For the final project, Matt, Iris and I together have conducted a sentimental analysis based on Linn’s journal, and after combining it with the battles’ dates, we have some very interesting results. Before we started, we have envisioned several plans. For example, I was interested in the relationship between weather and memory/emotion and longed to explore that if weather functioned as an indicator for his emotional states or as a factor contributing to the change in sentiments. Another direction we could go is to analyze the sentiments in the journals as well as those in the letters, and when presenting both emotions from sources in the same visualization, we might find the difference (such as the letter has more positive sentiments and deliberately hides negative sentiments), which is valuable when we think about the audience and the objective of Linn’s writing. I still think that these could be the potential research questions for future plans regarding Linn’s journal. However, due to the limited time available, we finally chose to investigate the change in sentiments in Linn’s letter and its relationship with the battles Linn experienced.
After we determine our research question, we divided the journal into three parts so that everyone can mark up the emotions and share their impressions in the second meeting. I read the first part of the journal which is from the beginning to Feb 18th. However, we didn’t specify how to mark up and have not standardize our markups until the second meeting. For example, I marked up by words instead of ideas; considering that different readers might have different readings towards the same text, I was very cautious in only marking up the vocabularies that are definitely positive or negative. In addition, even though we made sure that we all used <state> and <note>, I marked up the word like “<state type= “emotion”>pleasant</state> <note>positive</note>.” Later, when we talked to Iris, she told us that it was more convenient for her to extract data if we marked up the text like: “pleasant<state type= “emotion”><note>positive</note></state>.” Therefore, I then cleared up my markup and made sure that it consistent with the rest of the text. Below the is screenshot of my markup (on GitHub):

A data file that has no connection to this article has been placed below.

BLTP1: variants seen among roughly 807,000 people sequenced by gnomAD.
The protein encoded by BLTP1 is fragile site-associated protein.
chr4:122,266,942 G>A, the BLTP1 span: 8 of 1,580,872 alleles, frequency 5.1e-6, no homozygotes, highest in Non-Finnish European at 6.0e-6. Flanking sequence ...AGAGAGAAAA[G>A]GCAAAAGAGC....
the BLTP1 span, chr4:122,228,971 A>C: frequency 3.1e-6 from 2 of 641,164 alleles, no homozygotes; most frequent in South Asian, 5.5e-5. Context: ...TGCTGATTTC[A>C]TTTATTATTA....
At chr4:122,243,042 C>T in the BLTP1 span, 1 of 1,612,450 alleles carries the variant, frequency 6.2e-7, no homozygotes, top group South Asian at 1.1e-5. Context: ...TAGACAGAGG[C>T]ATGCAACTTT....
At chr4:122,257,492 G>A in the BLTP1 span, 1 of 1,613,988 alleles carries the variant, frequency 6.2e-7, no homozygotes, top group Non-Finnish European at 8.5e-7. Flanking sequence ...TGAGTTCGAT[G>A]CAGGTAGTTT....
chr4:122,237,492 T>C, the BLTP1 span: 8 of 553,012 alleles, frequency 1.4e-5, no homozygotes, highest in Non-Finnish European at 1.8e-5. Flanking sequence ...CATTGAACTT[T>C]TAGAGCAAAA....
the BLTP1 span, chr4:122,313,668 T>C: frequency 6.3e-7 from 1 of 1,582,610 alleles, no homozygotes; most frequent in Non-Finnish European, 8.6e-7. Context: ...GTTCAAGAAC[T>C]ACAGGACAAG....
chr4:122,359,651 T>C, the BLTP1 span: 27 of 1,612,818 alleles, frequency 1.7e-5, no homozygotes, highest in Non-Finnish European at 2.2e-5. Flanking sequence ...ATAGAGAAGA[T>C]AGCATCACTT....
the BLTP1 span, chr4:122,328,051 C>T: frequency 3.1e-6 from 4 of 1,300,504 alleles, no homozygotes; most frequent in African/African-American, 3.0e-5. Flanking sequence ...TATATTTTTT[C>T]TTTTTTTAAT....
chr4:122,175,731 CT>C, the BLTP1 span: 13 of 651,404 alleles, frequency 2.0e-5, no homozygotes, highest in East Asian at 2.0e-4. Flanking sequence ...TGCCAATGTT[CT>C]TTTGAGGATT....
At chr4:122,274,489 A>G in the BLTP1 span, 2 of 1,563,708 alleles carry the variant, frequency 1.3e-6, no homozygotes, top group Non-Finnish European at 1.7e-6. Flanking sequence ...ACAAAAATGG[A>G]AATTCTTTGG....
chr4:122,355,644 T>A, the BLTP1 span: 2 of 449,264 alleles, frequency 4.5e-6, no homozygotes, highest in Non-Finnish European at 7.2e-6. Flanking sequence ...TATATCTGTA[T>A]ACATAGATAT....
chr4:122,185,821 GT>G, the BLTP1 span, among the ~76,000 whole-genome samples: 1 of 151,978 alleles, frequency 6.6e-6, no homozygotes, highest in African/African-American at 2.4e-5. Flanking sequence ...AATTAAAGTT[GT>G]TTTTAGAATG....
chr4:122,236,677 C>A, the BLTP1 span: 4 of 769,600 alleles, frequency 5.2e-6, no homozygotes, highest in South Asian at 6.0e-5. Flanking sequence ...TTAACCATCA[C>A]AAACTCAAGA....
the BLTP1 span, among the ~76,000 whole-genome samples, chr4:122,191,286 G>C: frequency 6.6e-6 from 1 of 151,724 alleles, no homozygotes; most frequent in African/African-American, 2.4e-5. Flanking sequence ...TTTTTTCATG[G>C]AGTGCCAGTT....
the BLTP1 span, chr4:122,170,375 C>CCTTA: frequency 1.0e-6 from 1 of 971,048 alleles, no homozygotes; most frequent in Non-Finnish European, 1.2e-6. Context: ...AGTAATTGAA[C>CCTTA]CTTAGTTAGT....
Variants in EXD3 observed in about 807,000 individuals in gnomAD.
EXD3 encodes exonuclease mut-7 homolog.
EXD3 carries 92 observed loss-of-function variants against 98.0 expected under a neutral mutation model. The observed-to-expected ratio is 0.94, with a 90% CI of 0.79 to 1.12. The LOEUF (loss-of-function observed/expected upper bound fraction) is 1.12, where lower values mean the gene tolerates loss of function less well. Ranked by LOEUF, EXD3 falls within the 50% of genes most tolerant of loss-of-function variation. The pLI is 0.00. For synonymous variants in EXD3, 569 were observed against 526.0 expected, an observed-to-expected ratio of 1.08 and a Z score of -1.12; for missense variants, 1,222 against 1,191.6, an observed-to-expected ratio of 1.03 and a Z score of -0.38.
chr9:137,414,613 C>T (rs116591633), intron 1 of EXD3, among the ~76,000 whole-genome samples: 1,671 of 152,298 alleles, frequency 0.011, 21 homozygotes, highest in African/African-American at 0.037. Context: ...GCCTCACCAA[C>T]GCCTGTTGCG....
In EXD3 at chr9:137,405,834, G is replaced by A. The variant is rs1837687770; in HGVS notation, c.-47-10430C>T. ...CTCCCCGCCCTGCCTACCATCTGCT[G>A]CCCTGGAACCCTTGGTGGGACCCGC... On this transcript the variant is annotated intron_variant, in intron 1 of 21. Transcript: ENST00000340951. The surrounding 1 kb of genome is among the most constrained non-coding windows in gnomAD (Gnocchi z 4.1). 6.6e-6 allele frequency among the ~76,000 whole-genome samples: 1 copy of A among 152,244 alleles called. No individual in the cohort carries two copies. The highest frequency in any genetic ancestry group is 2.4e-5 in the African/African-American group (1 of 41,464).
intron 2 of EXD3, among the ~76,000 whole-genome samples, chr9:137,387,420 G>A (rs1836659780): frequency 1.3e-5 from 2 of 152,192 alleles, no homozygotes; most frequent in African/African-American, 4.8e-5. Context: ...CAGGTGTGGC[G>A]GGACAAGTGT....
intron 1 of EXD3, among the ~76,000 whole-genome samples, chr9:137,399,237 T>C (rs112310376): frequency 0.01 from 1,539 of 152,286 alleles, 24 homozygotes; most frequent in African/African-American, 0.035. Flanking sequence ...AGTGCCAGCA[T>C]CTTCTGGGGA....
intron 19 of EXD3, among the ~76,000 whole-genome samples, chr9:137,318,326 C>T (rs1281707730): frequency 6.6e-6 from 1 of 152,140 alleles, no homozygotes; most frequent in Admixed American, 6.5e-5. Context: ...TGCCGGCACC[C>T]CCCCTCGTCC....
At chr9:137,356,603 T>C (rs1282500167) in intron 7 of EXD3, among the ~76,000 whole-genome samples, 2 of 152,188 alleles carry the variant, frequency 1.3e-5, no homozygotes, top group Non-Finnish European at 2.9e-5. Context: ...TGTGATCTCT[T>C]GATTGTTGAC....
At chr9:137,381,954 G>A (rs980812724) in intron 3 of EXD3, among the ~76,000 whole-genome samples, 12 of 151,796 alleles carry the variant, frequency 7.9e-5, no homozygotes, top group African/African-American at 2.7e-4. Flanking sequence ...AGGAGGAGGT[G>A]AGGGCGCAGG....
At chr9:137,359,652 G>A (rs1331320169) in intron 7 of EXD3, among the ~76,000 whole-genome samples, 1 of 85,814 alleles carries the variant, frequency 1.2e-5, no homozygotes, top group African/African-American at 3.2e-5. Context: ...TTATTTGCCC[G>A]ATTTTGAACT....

Thanks to Iris for making the visualization to illustrate Linn’s changes in sentiments throughout the days. Below is the screenshot of the final visualization:
Here are the dates for the battles:
Battle of Roanoke Island: February 7-8, 1862 (Union victory)
Battle of New Bern: March 14, 1862 (Union victory)
Battle of South Mills: April 19, 1862 (Confederate victory)
After the first battle, Linn was deeply frustrated even though Union claimed victory. He had recorded in his journal of all the wounded soldiers and dead corpses, and his negative sentiments were also reflected in our graph. Before that, he was usually happy about the beautiful views of nature, and it seems like that he didn’t realize what war would be like. Therefore, he was extremely disillusioned after the first battle in his life. Linn did not write any journals during the second battle. While he seemed to be peaceful, the text suggested that he paid more attention to the details in life, and probably he did not know how to react to the battle that easily and absurdly destroyed the beauty of life. Finally, Linn seemed to be gave due to the loss of the Battle of South Mills. However, based on the journals, we don’t have many details about what happened after April 19th.
For the future projects, it would be interesting to see if there is any difference in what Linn valued before and after Linn’s experience of battles. Nonetheless, it is clear that he was most disillusioned after participating the first battle, and he did not really know how to cope with the latter battles and the violence he witnessed.
This is an interesting project and it is only a start. I am so happy that I learnt about TEI in this class, which I think is a powerful way to enhance “close reading” as well as to provide data for “distant reading.” I also learnt that standardization is especially important in group projects, and in the end I want to thank my wonderful teammates, Matt and Iris! I hope to see further developments of Linn’s project!